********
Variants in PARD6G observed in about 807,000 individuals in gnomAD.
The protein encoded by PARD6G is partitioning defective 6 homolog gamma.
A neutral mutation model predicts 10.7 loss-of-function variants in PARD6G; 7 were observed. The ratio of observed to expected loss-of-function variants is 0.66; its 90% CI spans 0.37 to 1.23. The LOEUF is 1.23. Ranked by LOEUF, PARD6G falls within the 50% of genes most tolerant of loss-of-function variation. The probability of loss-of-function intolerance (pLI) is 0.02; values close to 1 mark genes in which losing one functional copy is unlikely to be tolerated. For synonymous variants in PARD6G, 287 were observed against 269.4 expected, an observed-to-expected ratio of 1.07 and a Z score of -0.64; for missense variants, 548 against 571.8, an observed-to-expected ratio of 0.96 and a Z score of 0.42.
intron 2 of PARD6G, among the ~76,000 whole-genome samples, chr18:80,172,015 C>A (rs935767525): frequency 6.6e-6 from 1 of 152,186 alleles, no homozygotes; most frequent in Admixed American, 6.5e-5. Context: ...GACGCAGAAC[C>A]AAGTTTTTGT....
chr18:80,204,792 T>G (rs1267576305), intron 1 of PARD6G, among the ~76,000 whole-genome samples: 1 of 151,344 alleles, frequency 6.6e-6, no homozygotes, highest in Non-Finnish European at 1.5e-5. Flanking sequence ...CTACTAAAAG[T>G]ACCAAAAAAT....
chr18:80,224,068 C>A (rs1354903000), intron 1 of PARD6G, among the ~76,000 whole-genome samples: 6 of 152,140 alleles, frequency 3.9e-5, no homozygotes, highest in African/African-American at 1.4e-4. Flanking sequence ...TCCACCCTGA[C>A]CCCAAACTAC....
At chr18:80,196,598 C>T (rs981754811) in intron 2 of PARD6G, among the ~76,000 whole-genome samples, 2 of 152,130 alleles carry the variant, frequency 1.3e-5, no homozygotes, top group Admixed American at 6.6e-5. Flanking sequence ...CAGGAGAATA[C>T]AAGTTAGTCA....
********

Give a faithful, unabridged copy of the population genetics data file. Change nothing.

Variants in PARD6G observed in about 807,000 individuals in gnomAD.
The protein encoded by PARD6G is partitioning defective 6 homolog gamma.
A neutral mutation model predicts 10.7 loss-of-function variants in PARD6G; 7 were observed. The ratio of observed to expected loss-of-function variants is 0.66; its 90% CI spans 0.37 to 1.23. The LOEUF is 1.23. Ranked by LOEUF, PARD6G falls within the 50% of genes most tolerant of loss-of-function variation. The probability of loss-of-function intolerance (pLI) is 0.02; values close to 1 mark genes in which losing one functional copy is unlikely to be tolerated. For synonymous variants in PARD6G, 287 were observed against 269.4 expected, an observed-to-expected ratio of 1.07 and a Z score of -0.64; for missense variants, 548 against 571.8, an observed-to-expected ratio of 0.96 and a Z score of 0.42.
intron 2 of PARD6G, among the ~76,000 whole-genome samples, chr18:80,172,015 C>A (rs935767525): frequency 6.6e-6 from 1 of 152,186 alleles, no homozygotes; most frequent in Admixed American, 6.5e-5. Context: ...GACGCAGAAC[C>A]AAGTTTTTGT....
chr18:80,204,792 T>G (rs1267576305), intron 1 of PARD6G, among the ~76,000 whole-genome samples: 1 of 151,344 alleles, frequency 6.6e-6, no homozygotes, highest in Non-Finnish European at 1.5e-5. Flanking sequence ...CTACTAAAAG[T>G]ACCAAAAAAT....
chr18:80,224,068 C>A (rs1354903000), intron 1 of PARD6G, among the ~76,000 whole-genome samples: 6 of 152,140 alleles, frequency 3.9e-5, no homozygotes, highest in African/African-American at 1.4e-4. Flanking sequence ...TCCACCCTGA[C>A]CCCAAACTAC....
At chr18:80,196,598 C>T (rs981754811) in intron 2 of PARD6G, among the ~76,000 whole-genome samples, 2 of 152,130 alleles carry the variant, frequency 1.3e-5, no homozygotes, top group Admixed American at 6.6e-5. Flanking sequence ...CAGGAGAATA[C>T]AAGTTAGTCA....